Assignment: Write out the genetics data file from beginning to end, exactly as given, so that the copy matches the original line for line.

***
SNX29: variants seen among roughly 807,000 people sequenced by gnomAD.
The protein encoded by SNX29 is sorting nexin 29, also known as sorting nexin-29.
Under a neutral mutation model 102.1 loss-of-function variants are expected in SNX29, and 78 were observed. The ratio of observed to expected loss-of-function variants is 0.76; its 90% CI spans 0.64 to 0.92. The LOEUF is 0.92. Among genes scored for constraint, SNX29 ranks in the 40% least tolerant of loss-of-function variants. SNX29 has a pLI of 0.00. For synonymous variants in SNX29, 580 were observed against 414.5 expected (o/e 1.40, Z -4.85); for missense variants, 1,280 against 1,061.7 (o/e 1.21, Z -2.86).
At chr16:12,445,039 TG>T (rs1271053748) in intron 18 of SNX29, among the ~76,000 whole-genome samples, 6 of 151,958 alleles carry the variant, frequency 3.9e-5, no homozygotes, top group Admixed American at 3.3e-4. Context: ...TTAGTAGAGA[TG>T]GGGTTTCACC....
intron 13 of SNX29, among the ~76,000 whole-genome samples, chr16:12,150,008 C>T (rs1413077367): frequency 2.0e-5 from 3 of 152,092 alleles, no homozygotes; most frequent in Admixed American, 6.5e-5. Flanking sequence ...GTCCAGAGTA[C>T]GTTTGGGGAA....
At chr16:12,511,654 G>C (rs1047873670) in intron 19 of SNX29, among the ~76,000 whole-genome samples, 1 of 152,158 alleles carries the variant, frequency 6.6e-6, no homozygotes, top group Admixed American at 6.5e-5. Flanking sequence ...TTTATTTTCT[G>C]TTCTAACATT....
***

SNX29: variants seen among roughly 807,000 people sequenced by gnomAD.
The protein encoded by SNX29 is sorting nexin 29, also known as sorting nexin-29.
Under a neutral mutation model 102.1 loss-of-function variants are expected in SNX29, and 78 were observed. The ratio of observed to expected loss-of-function variants is 0.76; its 90% CI spans 0.64 to 0.92. The LOEUF is 0.92. Among genes scored for constraint, SNX29 ranks in the 40% least tolerant of loss-of-function variants. SNX29 has a pLI of 0.00. For synonymous variants in SNX29, 580 were observed against 414.5 expected (o/e 1.40, Z -4.85); for missense variants, 1,280 against 1,061.7 (o/e 1.21, Z -2.86).
At chr16:12,445,039 TG>T (rs1271053748) in intron 18 of SNX29, among the ~76,000 whole-genome samples, 6 of 151,958 alleles carry the variant, frequency 3.9e-5, no homozygotes, top group Admixed American at 3.3e-4. Context: ...TTAGTAGAGA[TG>T]GGGTTTCACC....
intron 13 of SNX29, among the ~76,000 whole-genome samples, chr16:12,150,008 C>T (rs1413077367): frequency 2.0e-5 from 3 of 152,092 alleles, no homozygotes; most frequent in Admixed American, 6.5e-5. Flanking sequence ...GTCCAGAGTA[C>T]GTTTGGGGAA....
At chr16:12,511,654 G>C (rs1047873670) in intron 19 of SNX29, among the ~76,000 whole-genome samples, 1 of 152,158 alleles carries the variant, frequency 6.6e-6, no homozygotes, top group Admixed American at 6.5e-5. Flanking sequence ...TTTATTTTCT[G>C]TTCTAACATT....